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          Artificial Intelligence

          Designing a Novel Fraud Detection System for Nexi Croatia


          Our team helped NEXI group - Europe’s leading PayTech company, design an additional module of the existing fraud management system by combining machine learning techniques with large amounts of historical data


          In order to develop an ML model with better performances, Nexi Croatia started cooperation with CROZ. The first step in the fraud model improvement was to get better system architecture for near real-time inferencing, to try state-of-the-art models and to compare the results with the fraud model currently used for detection and prevention of fraudulent activities. The prediction quality of the newly developed LightGBM model vs currently used Logistic Regression model is greatly improved across all metrics, significantly more effective in fraud detection, while also reducing the number of false positives.


          Client & context

          Being a part of Nexi Group, NEXI Croatia is one of Europe’s leading PayTech companies, providing fast and safe payment solutions to people, businesses, and financial institutions in over 25 countries. It also holds the number 1 spot regarding the number of payment cards managed and total transaction value processed.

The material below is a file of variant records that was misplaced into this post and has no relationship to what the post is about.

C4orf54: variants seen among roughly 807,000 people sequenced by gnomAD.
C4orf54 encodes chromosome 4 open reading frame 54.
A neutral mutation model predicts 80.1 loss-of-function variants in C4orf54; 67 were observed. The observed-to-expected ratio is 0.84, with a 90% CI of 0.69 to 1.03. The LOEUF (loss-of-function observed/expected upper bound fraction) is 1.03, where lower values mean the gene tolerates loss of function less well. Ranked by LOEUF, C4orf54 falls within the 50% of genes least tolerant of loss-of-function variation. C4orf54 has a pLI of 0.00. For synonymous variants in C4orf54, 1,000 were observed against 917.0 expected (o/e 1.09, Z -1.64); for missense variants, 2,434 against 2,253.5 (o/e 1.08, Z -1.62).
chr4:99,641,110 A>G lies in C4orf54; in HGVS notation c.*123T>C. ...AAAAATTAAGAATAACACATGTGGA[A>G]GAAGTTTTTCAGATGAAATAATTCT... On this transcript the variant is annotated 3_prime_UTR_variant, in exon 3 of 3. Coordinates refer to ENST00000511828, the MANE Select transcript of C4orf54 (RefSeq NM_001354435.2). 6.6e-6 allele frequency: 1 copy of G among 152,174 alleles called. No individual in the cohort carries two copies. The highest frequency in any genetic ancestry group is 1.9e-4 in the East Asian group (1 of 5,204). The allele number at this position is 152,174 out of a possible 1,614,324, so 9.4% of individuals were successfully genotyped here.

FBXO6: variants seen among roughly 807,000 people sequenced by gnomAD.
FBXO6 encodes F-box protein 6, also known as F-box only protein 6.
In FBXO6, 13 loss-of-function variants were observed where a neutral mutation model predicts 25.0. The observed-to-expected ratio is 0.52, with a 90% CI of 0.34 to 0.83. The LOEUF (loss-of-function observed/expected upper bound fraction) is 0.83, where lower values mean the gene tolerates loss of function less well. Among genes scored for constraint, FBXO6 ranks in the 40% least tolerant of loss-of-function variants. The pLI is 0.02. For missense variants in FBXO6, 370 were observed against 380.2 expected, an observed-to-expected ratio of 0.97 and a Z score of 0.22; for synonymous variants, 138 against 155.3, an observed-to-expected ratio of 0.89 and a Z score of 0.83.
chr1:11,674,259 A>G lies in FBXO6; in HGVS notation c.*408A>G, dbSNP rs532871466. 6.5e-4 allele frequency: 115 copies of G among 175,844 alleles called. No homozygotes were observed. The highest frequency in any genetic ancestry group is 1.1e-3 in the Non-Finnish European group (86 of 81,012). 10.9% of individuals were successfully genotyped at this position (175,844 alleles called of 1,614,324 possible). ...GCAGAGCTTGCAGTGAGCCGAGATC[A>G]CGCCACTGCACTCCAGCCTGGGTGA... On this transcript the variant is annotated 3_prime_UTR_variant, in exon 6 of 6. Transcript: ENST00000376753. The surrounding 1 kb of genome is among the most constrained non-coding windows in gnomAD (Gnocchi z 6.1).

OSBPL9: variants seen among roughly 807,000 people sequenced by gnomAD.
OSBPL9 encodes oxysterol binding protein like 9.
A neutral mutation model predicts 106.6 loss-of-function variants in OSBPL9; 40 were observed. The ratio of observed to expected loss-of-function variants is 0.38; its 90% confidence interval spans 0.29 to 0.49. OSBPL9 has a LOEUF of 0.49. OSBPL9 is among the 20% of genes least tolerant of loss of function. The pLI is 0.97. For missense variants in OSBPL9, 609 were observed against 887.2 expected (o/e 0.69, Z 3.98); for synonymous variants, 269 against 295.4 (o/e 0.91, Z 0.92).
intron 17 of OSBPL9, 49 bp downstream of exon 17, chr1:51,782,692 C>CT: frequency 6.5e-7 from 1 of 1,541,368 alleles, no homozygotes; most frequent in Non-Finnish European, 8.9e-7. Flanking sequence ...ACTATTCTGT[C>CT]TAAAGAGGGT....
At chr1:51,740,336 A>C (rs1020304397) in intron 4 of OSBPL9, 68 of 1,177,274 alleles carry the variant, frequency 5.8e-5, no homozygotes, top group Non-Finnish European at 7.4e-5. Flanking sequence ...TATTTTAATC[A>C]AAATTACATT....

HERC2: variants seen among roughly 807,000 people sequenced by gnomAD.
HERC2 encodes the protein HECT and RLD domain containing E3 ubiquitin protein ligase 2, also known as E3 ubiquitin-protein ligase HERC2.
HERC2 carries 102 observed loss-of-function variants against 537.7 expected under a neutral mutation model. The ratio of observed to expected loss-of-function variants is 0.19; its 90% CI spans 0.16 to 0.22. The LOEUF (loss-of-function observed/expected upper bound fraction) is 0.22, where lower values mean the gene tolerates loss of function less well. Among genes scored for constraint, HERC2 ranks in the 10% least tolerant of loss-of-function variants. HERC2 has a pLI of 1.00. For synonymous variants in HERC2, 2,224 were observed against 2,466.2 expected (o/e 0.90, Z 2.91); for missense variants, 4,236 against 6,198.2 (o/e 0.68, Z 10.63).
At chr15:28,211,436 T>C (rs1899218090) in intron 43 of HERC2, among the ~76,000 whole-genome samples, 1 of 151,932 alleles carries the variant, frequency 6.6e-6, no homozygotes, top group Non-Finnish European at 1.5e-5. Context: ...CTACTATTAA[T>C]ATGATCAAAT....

With almost 3 billion active credit cards in the world, the number of fraudulent transactions is consistently growing. In 2018, over 130 000 credit card fraud reports were recorded in the US alone, while the total value of all worldwide fraudulent transactions was almost 25 billion USD. These numbers alone are enough reason for financial institutions to try and detect, and possibly even prevent fraud. Naturally, NEXI Croatia had previously developed a rule-based fraud management system that detects potentially suspicious card transactions which trigger alerts in case of any suspicious activity.

          Traditional fraud detection systems are based on explicit and hard-coded sets of rules. These rules are often easy to interpret, which is very important in domains like PayTech, where interpretability is key and decisions must be explained. However, what they have in interpretability, they deeply lack in flexibility and adaptability, while also being difficult to maintain. In a rapidly changing environment like today’s, hand-crafted rules are rapidly becoming outdated and unable to properly detect fraud.

          Therefore, modern fraud detection systems rely on almost-as-interpretable machine learning techniques to achieve better results with more flexibility and adaptability. Supported by modern tools for dataset versioning, distributed processing, and model tracking, these techniques are also easier to maintain. The system currently in use at NEXI Croatia is mostly traditional, using ML outputs only as one of the inputs to the rule-based system.


          One of CROZ’s tasks was to modernize the system by incorporating ML techniques and automating as much work as possible. The problems NEXI Croatia had with their current fraud system can be summarized into four categories:

          • large amounts of data
          • an unsuitable environment
          • a gradual drop in the current model’s performances
          • the lack of a near real-time ML solution.